A groundbreaking exploration of the best possible solution to the climate crisis- a new economic model, and a new way of viewing our relationship with the natural world.
Jason Hickel is an economic anthropologist, Fulbright Scholar and Fellow of the Royal Society of Arts. He is originally from Eswatini (Swaziland) and spent a number of years with migrant workers in South Africa, writing about exploitation and political resistance in the wake of apartheid. He has authored three books, including most recently The Divide- A Brief Guide to Global Inequality and its Solutions. He writes regularly for the Guardian, Al Jazeera and Foreign Policy, serves as an advisor for the Green New Deal for Europe and sits on the Lancet Commission for Reparations and Redistributive Justice. He lives in London.
Jason is able to personalise the global and swarm the mind with
ideas ... Heed his beautifully rendered warning. -- Russell
A powerfully disruptive book for disrupted times. Jason Hickel takes all we've been been told about growth and development and turns it inside out, offering instead a radically possible vision of a post-growth future. If you're looking for transformative ideas, this book is for you. -- Kate Raworth, economist and author of Doughnut Economics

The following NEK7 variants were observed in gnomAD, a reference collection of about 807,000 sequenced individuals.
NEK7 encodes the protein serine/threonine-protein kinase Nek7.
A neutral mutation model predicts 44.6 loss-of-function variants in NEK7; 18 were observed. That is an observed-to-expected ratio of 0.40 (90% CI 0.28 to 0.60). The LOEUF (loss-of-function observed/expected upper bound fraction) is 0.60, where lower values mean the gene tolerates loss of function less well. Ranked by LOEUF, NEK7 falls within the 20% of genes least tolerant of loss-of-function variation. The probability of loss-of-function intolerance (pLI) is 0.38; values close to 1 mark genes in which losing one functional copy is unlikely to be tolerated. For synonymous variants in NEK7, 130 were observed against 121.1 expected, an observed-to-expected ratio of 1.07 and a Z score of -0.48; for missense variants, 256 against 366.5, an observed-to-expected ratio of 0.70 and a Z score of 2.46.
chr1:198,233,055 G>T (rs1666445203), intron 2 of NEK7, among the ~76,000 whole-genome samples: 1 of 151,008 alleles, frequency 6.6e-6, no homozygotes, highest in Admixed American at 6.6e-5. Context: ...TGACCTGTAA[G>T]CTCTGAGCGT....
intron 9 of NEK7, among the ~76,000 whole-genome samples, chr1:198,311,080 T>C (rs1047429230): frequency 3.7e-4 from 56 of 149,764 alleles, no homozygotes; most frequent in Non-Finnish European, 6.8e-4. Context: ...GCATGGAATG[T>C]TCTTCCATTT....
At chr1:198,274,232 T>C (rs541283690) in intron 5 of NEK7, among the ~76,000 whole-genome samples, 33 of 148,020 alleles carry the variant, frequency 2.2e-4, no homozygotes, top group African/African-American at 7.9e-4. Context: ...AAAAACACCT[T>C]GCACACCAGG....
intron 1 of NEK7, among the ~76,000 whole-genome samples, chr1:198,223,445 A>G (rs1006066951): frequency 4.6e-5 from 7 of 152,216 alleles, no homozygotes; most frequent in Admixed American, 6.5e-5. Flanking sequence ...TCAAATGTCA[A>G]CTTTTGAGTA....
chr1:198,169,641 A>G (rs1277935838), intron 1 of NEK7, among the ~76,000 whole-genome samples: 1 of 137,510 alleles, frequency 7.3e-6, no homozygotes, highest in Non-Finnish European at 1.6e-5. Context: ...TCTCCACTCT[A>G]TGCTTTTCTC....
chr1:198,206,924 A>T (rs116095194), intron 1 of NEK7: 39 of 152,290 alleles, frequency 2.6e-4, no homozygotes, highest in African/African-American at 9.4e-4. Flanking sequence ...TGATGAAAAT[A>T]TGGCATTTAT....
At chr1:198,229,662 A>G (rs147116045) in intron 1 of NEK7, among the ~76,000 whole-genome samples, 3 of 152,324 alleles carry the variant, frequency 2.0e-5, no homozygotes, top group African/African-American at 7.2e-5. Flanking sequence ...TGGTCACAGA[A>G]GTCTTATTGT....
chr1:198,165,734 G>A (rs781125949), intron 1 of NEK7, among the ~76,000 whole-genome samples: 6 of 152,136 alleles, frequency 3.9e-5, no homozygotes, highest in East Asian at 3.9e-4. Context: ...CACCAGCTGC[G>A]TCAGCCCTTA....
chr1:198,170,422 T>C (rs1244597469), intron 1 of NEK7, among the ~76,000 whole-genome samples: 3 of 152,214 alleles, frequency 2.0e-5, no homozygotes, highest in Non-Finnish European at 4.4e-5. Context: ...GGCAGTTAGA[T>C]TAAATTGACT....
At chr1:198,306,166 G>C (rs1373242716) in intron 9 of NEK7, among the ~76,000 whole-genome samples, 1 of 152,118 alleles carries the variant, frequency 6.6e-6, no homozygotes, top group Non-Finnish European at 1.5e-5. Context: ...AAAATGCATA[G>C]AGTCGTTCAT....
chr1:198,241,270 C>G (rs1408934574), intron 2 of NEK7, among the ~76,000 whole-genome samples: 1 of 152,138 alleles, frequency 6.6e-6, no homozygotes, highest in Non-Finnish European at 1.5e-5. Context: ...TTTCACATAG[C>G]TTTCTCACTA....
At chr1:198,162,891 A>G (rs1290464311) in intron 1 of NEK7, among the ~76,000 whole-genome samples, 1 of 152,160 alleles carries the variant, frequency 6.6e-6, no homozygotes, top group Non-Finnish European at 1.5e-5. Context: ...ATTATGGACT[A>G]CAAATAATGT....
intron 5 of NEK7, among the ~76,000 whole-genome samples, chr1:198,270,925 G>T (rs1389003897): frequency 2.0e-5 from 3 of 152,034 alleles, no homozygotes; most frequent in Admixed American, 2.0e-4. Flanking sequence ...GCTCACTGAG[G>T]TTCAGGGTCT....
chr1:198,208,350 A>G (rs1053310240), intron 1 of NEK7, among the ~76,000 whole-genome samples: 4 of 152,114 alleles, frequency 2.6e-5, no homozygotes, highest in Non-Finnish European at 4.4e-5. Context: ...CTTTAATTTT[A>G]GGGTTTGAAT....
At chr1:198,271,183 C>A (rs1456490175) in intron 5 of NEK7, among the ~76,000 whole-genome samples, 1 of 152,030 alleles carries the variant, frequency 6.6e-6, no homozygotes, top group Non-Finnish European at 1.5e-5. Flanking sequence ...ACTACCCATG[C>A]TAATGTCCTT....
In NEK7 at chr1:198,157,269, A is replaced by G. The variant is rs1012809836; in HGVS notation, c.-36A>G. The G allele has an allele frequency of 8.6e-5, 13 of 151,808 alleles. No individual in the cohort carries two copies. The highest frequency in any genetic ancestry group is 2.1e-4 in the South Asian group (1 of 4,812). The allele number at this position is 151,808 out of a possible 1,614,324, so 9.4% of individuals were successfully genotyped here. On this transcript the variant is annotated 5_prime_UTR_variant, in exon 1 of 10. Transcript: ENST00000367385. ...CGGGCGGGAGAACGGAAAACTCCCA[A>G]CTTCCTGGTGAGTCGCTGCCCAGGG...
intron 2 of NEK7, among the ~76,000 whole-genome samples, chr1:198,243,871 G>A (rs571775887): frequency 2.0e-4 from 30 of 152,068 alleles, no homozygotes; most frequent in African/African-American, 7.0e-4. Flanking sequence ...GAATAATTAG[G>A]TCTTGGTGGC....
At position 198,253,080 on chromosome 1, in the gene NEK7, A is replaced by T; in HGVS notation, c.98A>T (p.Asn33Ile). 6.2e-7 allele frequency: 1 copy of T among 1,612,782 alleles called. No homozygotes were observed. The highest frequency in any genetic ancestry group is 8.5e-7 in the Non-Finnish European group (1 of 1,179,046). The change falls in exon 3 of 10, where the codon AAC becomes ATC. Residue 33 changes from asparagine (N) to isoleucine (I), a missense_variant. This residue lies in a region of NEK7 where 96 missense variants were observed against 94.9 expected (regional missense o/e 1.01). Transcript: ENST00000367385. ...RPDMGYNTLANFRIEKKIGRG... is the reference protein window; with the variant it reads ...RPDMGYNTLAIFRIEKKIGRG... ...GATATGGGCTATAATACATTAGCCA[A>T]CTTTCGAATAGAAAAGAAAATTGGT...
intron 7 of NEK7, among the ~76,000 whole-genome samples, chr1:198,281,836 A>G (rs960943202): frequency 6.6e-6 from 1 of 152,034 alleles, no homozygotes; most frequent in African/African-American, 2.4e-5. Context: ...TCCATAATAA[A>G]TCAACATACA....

A masterpiece pulling together the ecological disaster wake-up call from The Uninhabitable Earth, the economic enlightenment from Piketty's Capital, and the colonial history from Jason's own The Divide. Just ace. -- David Heinemeier Hansson
Eye-opening and passionate, Jason Hickel shows how the insatiable drive to increase GDP has caused the ecological crisis, reveals the historical and colonial roots of capitalism and argues that an ecologically sensitive economic based on 'degrowth' is essential for us to flourish. * New Scientist *
A masterpiece... Less is More covers centuries and continents, spans academic disciplines, and connects contemporary and ancient events in a way which cannot be put down until it's finished. So much needs to change; although beginning that change might require nothing more than asking the right question. -- Danny Dorling, Professor of Geography, University of Oxford